Description of Figure/Doll

Ceramic troll doll from Norway. Trolls are important in Norwegian culture. They are mythical beings in Norwegian folklore that generally live in caves, under bridges, etc. This female troll is wearing a colorful jumper over a white lace blouse. She has a gold necklace, gold and green belt, and has several decorations on her jumper. Her large feet have pink painted toenails. Her over-sized head has a large nose, large ears, and marble eyeballs. Her hair is long, unkempt and stringy.

Norway

Location: Europe: Scandinavia

Capital: Oslo

Main language: Norwegian

Currency: Norwegian Krone

Figure/Doll

Construction: resin, with synthetic hair

Height in Centimeters: 8

Height in Inches: 3

The Troll and Three Billy Goats Gruff

Reading Level: 2.40

Far to the north, there is a long and narrow country called Norway. Dark forests, moonlit lakes, deep fjords, and mighty snow-capped mountains make the country beautiful and mysterious. I say mysterious because all over Norway live strange and interesting people called Trolls. There are many types of trolls; some are very big and some are very small, but they all have certain characteristics.

All trolls have big ears and long noses, and bushy tails. Trolls are night creatures. They do not like the sunlight. They can live much longer than humans. Another super-human feat is that they can make themselves invisible. There are many legends in Norway about the trolls, but the most famous is Three Billy Goats Gruff. This is how it goes.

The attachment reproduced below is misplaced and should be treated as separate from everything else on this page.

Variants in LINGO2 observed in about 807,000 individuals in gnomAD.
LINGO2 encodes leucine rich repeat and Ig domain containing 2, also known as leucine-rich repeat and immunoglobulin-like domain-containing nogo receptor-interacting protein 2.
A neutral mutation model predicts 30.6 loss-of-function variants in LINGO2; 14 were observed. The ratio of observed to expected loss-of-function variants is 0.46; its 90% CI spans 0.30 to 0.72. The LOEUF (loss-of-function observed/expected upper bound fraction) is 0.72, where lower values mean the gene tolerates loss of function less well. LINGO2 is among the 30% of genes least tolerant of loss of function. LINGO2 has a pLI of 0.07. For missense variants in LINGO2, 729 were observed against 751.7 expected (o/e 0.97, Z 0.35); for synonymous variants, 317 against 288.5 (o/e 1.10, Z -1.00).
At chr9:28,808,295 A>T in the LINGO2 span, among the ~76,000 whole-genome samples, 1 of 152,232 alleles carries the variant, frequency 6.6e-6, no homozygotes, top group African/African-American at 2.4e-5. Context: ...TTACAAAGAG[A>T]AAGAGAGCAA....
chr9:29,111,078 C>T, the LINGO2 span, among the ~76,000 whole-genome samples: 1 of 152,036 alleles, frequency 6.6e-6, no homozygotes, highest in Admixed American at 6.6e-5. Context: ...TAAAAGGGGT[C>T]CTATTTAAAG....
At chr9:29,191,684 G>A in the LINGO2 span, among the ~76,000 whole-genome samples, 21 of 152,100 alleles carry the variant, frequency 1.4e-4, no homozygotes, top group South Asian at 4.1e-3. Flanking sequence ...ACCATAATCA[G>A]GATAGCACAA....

Once upon a time there were three billy goats, names Gruff. They were on their way to eat on the hillside, but they had to cross a bridge. Under the bridge lived a troll, with eyes as big as saucers, and a nose as long as a poker.

The first goat over the bridge was the youngest Billy Goat Gruff. “Trip, trap, trip, trap!” he walked across the bridge.

“Who’s that tripping over my bridge?” roared the troll.

“I am the smallest Billy Goat Gruff, and I’m going up to the hillside to make myself fat,” said the billy goat, with a tiny voice.

“I’m coming to gobble you up,” said the troll.

“Oh, no! please don’t eat me. I’m too little!” said the billy goat. “Wait for the second Billy Goat Gruff. He’s much bigger.”

“Well, be off with you,” said the troll.

A little while later, the second Billy Goat Gruff crossed the bridge. “Trip, trap, trip, trap, trip, trap” went the bridge.

“Who’s that tripping over my bridge?” roared the troll.

“I am the second Billy Goat Gruff, and I’m going up to the hillside to make myself fat,” said the billy goat, with a medium voice.

“I’m coming to gobble you up,” said the troll.

“Oh, no! Don’t eat me. Wait for the last Billy Goat Gruff. He’s much bigger.”

“Very well! Be off with you,” said the troll.

Next, the big Billy Goat Gruff crossed the bridge. “Trip, trap, trip, trap, trip, trap!” went the bridge. This billy goat was heavy and the bridge creaked and groaned under him.

“Who’s that tramping over my bridge?” roared the troll.

“I am the big Billy Goat Gruff ,” said the billy goat, with a big ugly voice.

“I ‘m coming to gobble you up,” roared the troll.

“No, you’re not!” said the biggest Billy Goat Gruff. “I am bigger than you and I could crush you into bits and bones.”

And when the troll saw how big the billy goat was, the troll let him pass. After that, the three billy goats went to the hillside. They got so fat they could hardly walk home. And if the fat hasn’t fallen off, they’re still fat; and so,

Snip, snap, snout. This tale’s told out.

From Project Gutenberg


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